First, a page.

Brigham Otolaryngologist Takes His Expertise to Haiti

Source: Brigham and Women's - On a Mission
Date: 02/13/2019
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The expertise of the physicians and surgeons at Brigham and Women’s Hospital benefits patients well beyond New England. Through Partners in Health, the Boston-based nonprofit health care organization, specialists from the Brigham travel to hospitals in developing countries around the globe, offering patient care as well as training for local doctors.

Over the past decade, Brigham otolaryngologist Anthony A. Prince, MD, has made a number of trips with his colleague, Robert Boucher, MD, MPH, to Hôpital Universitaire de Mirebalais (HUM), in Mirebalais, Haiti. At HUM, he works with local otolaryngologists and general surgeons in providing a range of surgical services to treat head and neck disorders. On their most recent trip in November 2018, Dr. Prince and Dr. Boucher treated children, adolescents and adults for problems including sinonasal masses, thyroid goiters and malignant salivary tumors.

HUM is a modern, 300-bed facility that delivers primary care services to about 185,000 people and sees as many as 700 patients every day in the outpatient setting. As a university hospital, it also provides training and education for the next generation of Haitian nurses, medical students and resident physicians. Many other members of the Brigham community spend time at HUM, offering training and patient-care services in internal medicine, general surgery, pediatrics, and obstetrics and gynecology.

“Haiti has a population about the size of New York City—more than 10 million people—but there are only about 20 fully trained otolaryngologists in the whole country,” Dr. Prince said. “Access to otolaryngology services is quite limited for a variety of reasons, including lack of providers, cost and geographic distance to clinics and hospitals. Due to these constraints, many patients end up presenting with advanced disease. This can make treatment challenging and surgeries complex.”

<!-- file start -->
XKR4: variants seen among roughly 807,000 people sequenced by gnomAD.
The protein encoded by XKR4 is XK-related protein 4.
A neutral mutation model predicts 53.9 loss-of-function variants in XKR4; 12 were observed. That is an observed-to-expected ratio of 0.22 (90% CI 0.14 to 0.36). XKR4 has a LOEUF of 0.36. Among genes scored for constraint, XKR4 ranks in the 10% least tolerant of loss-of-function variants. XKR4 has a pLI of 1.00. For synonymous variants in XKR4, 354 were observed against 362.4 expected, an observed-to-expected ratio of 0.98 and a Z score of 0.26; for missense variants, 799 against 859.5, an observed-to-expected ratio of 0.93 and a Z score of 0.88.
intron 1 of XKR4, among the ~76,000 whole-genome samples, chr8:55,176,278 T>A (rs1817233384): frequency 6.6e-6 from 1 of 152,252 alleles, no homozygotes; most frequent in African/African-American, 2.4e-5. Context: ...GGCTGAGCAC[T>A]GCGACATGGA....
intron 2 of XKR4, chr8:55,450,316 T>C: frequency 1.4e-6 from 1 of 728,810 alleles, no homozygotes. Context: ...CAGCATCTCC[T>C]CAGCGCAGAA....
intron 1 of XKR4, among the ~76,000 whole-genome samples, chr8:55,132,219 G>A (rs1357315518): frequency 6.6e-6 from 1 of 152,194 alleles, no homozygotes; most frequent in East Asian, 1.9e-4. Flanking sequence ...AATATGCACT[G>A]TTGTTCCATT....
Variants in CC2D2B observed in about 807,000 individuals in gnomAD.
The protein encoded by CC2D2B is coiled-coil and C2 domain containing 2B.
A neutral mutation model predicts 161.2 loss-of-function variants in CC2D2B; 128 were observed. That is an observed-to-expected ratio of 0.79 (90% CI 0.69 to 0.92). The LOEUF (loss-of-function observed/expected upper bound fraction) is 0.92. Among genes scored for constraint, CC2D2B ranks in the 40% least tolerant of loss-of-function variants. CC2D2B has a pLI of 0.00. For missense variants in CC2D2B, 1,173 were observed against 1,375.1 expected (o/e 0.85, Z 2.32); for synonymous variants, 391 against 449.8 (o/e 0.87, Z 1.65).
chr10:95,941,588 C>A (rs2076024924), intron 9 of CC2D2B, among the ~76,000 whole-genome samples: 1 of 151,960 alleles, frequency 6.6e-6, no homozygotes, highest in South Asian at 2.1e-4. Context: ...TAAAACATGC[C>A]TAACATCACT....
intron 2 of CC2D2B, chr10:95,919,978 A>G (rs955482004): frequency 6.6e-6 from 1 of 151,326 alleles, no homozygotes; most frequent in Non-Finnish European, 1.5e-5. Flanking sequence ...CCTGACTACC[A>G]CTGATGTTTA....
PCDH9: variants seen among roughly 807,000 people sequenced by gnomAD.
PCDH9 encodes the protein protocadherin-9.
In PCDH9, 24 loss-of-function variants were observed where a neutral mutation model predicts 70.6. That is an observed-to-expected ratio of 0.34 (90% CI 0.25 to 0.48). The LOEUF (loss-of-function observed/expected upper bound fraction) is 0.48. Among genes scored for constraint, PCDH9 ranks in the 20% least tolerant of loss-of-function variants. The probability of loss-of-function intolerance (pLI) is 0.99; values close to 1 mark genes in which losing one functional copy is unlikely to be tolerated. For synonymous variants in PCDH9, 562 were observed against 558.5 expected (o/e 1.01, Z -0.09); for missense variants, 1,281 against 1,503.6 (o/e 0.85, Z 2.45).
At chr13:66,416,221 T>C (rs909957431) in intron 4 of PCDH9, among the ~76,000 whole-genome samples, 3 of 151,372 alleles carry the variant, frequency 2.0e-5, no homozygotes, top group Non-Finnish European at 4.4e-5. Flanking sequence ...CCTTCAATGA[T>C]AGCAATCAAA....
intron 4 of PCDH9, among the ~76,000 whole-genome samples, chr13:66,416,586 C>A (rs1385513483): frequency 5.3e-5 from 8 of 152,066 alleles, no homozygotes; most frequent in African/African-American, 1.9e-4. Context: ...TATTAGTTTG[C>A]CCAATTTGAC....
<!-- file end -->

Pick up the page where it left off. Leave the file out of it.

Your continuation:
At HUM, Dr. Prince and his U.S.-based colleagues support and supplement the care provided by the university’s sole otolaryngologist, who is available at HUM only on a part-time basis. Their support of HUM’s otolaryngology services includes donating surgical equipment and supplies that allow the team to safely perform a broad spectrum of head and neck surgical procedures, some of which were not possible in this part of Haiti a few years ago.

“It’s very busy, but it’s rewarding at the same time, especially seeing patients after surgery and knowing that we’ve made a difference in their lives,” Dr. Prince said. “Many of these patients have waited a long time to have these surgeries.”

Due to the lack of otolaryngology specialists in Haiti, transfer of surgical skills is an additional and important goal of Dr. Prince’s visits. During each visit, he teaches, advises and assists general-surgery resident physicians as well as the local otolaryngologist in contemporary head and neck surgical techniques.